Obama's Kenyan Aunt Seeks Asylum Again, Awaits Ruling on Deportation

Asylum is granted by law in cases when an individual faces "persecution or a well-founded fear of persecution on account of race, religion, nationality, membership in a particular social group or political opinion," according to the U.S. Citizenship and Immigration Service.

"Certainly, the Kenyan government would not be interested in harming her," said Washington, D.C. immigration lawyer Andres Benach, who regularly takes asylum cases, but is not involved in this case. "So she would have to show that it would be persecution by groups that the Kenyan government is unable or unwilling to control -- maybe al Qaeda-like organizations that operate with a measure of impunity in Kenya."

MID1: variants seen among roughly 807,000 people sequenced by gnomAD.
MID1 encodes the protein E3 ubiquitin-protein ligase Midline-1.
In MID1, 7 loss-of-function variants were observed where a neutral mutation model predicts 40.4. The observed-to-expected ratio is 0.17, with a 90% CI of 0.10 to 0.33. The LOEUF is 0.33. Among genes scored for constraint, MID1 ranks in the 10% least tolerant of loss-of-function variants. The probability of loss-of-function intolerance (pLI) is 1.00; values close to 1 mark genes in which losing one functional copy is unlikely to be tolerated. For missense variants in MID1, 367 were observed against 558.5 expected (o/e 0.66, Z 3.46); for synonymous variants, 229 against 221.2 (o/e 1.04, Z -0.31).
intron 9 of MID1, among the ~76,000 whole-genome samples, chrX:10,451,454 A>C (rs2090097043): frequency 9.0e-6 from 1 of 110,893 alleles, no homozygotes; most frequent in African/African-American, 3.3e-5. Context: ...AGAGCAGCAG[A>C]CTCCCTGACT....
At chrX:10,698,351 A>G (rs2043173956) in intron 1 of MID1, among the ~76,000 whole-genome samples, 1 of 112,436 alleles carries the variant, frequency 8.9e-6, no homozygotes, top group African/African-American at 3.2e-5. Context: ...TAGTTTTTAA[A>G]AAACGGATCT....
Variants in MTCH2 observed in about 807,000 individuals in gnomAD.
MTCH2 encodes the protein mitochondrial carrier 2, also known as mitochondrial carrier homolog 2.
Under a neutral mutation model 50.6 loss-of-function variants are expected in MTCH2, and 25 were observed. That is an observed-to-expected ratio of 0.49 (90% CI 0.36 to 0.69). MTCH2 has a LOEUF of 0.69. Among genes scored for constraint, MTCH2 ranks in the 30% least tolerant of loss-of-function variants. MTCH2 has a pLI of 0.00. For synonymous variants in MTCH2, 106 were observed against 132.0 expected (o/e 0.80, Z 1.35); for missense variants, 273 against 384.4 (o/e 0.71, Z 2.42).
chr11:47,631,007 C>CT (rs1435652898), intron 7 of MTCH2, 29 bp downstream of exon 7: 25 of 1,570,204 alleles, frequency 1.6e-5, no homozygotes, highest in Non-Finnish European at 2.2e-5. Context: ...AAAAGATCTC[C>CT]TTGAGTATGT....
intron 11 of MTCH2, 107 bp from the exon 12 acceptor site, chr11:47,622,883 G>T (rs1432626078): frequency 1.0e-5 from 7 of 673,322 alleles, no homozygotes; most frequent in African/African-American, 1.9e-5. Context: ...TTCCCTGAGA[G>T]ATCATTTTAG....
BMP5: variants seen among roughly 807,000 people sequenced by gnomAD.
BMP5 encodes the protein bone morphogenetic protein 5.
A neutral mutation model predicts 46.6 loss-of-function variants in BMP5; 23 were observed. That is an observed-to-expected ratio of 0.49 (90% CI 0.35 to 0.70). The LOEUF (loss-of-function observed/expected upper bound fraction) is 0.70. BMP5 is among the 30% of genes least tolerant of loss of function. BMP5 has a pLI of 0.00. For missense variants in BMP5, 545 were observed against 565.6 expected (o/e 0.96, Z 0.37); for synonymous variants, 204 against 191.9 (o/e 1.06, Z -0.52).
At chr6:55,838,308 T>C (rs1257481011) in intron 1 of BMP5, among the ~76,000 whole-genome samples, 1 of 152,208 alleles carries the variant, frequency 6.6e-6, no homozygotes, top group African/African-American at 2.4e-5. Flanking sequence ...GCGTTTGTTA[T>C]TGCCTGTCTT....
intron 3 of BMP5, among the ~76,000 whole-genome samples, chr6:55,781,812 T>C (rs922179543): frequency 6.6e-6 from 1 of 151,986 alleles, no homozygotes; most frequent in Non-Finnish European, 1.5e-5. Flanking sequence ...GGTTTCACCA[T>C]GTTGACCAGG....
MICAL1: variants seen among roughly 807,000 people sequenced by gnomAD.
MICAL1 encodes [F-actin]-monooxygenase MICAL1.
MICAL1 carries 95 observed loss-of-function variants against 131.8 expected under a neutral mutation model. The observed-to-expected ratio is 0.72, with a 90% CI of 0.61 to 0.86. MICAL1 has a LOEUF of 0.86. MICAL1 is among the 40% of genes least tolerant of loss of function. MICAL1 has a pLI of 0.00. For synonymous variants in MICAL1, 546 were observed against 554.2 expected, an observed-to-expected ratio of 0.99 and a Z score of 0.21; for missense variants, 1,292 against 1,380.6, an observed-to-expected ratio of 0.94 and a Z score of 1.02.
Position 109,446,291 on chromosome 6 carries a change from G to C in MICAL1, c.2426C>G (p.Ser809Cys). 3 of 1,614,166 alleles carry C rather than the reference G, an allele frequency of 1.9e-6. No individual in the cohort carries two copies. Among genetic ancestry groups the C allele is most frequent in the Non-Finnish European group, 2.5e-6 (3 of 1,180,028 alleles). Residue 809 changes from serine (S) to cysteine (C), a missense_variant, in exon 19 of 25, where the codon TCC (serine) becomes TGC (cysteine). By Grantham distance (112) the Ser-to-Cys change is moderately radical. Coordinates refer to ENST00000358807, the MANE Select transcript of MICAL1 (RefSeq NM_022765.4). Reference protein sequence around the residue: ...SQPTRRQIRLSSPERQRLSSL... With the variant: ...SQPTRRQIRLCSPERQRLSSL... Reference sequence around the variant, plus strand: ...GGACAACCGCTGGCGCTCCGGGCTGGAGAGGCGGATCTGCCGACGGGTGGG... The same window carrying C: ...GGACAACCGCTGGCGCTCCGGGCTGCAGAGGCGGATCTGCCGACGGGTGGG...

Convincing a judge that Onyango would face persecution because of her familial relationship with Obama will be hard to prove, Benach said.

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Most people who apply for asylum don't receive it because the burden of proof for the feared persecution is that it has at least a 10 percent chance of happening.

"Personal vendettas, random crime, conditions everybody is subjected to, do not support asylum," Benach said.

In 2008, the Department of Justice Executive Office for Immigration Review completed 46,237 asylum cases -- 10,743 of which were granted, 13,199 were denied, and 22,295 were other closures, agency spokeswoman Lauren Alder Reid told ABC News.

Kenyans have made up a relatively small portion of asylum requests over the past 10 years. Of the 343 applications, only 60 were granted asylum.

The Associated Press contributed to this report.

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